Laos culture is affected by Theravada that is reflected in national language, art and literature. Specially, this country’s culture is associated with the images of elephants that caused its name Million-Elephant country.
One of most Asia sparsely populated country, at only 22 persons per square km, and an estimated population of only 7 million people, but this country, Laos, is still home to no less than 68 different ethnic groups. Each of them preserves their own dialect, customs, culture and tradition.
The most dominant group in Laos is Lao Loum, who lives in the river plains and mostly along the Mekong region. The mountainous slopes of Laos are inhabited by the Lao Theung, who makes up 22 percent of the country’s population. The Lao Sung (Mountain Lao), including Hmong (or Meo) and Yao (or Mien) tribes peoples make up a further 10% of the Laos population, while the remaining 2-5% are ethnic Vietnamese and Chinese.
Language in Laos
The official language is Lao, a member of the Tai Kadai language group, which is very similar to its Thai cousin; The Lao and Thai languages are so similar that Thai television and radio have become very popular among the Lao people. French, Vietnamese and some English are spoken.
Laos is officially Buddhist. The religion of 90% of the country’s 5.4 million people has overally influenced the daily lives of the Lao people for thousands of years and the gilded stupa of Pha That Luang in Vientiane has become the national symbol of Laos.
Customs and habits
Traditional clothing: Traditionally, Lao women must wear the distinctive phaa sin, a long, patterned skirt; although tribal groups often have their own clothing. The conical Vietnamese-style hat is also a common sight. These days, men dress Western style and only don the phaa biang sash on ceremonial occasions. Nowadays women often wear western-style clothing, though the “phaa sin” is still the mandatory attire in government offices.
Eating habits: Sticky rice is mainly consumed by 90% of the Lao people. After steaming, the rice is kept in a basket called Tikao or kongkao and can be taken to everywhere. The arrangement of food is on the food big plate. The main foods are Lap, Koy, and Ping.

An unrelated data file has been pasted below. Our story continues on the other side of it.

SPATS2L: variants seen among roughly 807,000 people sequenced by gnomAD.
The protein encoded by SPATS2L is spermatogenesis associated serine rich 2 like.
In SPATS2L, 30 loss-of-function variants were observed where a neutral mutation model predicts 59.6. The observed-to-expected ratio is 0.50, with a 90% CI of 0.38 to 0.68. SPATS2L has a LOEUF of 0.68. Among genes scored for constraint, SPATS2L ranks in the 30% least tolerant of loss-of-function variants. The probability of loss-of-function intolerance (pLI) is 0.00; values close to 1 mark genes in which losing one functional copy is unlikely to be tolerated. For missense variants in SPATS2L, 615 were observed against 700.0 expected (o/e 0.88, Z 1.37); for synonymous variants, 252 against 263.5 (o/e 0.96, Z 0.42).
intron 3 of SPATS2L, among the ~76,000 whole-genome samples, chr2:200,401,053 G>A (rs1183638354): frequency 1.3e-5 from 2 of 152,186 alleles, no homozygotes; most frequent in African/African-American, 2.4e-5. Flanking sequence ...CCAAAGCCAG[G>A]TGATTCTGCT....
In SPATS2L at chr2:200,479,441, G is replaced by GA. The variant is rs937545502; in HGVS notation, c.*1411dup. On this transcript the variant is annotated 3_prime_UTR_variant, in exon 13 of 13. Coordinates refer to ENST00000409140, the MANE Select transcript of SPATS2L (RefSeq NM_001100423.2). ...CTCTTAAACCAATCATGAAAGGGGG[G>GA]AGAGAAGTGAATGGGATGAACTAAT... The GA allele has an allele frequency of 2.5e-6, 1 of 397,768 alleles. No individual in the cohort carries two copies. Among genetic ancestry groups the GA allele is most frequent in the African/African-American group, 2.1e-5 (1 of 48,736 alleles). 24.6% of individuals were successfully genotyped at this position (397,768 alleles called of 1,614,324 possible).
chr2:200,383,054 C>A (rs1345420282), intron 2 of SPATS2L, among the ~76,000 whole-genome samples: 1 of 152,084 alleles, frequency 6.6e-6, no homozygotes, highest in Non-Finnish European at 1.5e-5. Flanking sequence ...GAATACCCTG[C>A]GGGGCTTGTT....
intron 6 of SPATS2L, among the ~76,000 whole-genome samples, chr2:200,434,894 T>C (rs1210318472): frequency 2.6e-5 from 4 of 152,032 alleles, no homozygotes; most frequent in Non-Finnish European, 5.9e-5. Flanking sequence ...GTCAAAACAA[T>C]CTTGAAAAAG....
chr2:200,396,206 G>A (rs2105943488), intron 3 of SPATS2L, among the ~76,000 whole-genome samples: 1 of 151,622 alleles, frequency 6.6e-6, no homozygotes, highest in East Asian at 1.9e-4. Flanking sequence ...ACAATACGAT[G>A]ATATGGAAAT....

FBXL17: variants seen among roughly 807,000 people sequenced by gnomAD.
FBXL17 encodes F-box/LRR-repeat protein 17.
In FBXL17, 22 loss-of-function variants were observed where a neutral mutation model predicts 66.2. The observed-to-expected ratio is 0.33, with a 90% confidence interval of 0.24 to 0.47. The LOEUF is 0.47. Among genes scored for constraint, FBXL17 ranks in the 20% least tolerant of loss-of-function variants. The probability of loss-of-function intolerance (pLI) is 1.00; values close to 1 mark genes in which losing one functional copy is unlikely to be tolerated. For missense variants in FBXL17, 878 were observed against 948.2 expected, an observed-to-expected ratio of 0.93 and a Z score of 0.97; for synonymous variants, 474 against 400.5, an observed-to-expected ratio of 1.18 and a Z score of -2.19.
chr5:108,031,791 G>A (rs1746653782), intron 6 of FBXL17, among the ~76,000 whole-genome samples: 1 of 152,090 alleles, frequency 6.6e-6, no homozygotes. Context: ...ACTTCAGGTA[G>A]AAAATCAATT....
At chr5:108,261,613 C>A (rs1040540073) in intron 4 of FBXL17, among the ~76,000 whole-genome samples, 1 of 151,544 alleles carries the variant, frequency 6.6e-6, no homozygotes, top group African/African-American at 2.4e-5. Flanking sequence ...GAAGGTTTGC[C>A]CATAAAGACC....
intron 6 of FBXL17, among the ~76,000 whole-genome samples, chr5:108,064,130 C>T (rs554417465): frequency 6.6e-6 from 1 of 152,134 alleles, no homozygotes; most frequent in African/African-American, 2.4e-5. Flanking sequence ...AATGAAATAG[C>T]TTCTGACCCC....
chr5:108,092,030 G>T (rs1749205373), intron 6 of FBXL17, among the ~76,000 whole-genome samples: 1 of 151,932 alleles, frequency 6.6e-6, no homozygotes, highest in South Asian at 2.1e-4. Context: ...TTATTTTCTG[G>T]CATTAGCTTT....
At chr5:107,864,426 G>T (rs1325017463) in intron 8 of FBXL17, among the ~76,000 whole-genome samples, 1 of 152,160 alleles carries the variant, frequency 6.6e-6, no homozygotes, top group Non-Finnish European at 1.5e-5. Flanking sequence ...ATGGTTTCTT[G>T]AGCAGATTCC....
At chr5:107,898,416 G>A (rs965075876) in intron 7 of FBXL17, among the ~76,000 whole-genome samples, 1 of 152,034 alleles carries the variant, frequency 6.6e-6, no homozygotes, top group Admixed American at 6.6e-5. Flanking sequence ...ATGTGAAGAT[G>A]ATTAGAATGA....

Occupation: Rice cultivation, animal husbandry, raising silk worms and handicrafts were main occupations additional Activities were trading, fishery, workers in the plants or officials.
Lao Festivals are usually linked to agricultural seasons or historical Buddhist holidays. The biggest celebration, New Year, interestingly enough takes place in mid-April, and this is also true of Thailand, Burma, Cambodia, and among the Dai people of Yunnan, China. Boon Bang Fai (the rocket festival) takes place a month later in May, when more significant rain showers should materialize. This is an animist celebration with plenty of processions, music and dancing, accompanied by the firing of bamboo rockets to prompt the heavens to send rain. The week-long Tat Luang Festival in Vientiane in November has the whole repertoire of fireworks, music and parades.
Smiles, Loves liberty, no quarrels, no oppression, respect of the nation, reputation and honor associate with their lives. Commonly Lao people are fully of love and respect others. They hate the conflicts for they had severely suffered the 30 years of war. Friendship, love and peace are rested in the hearts of Lao people.
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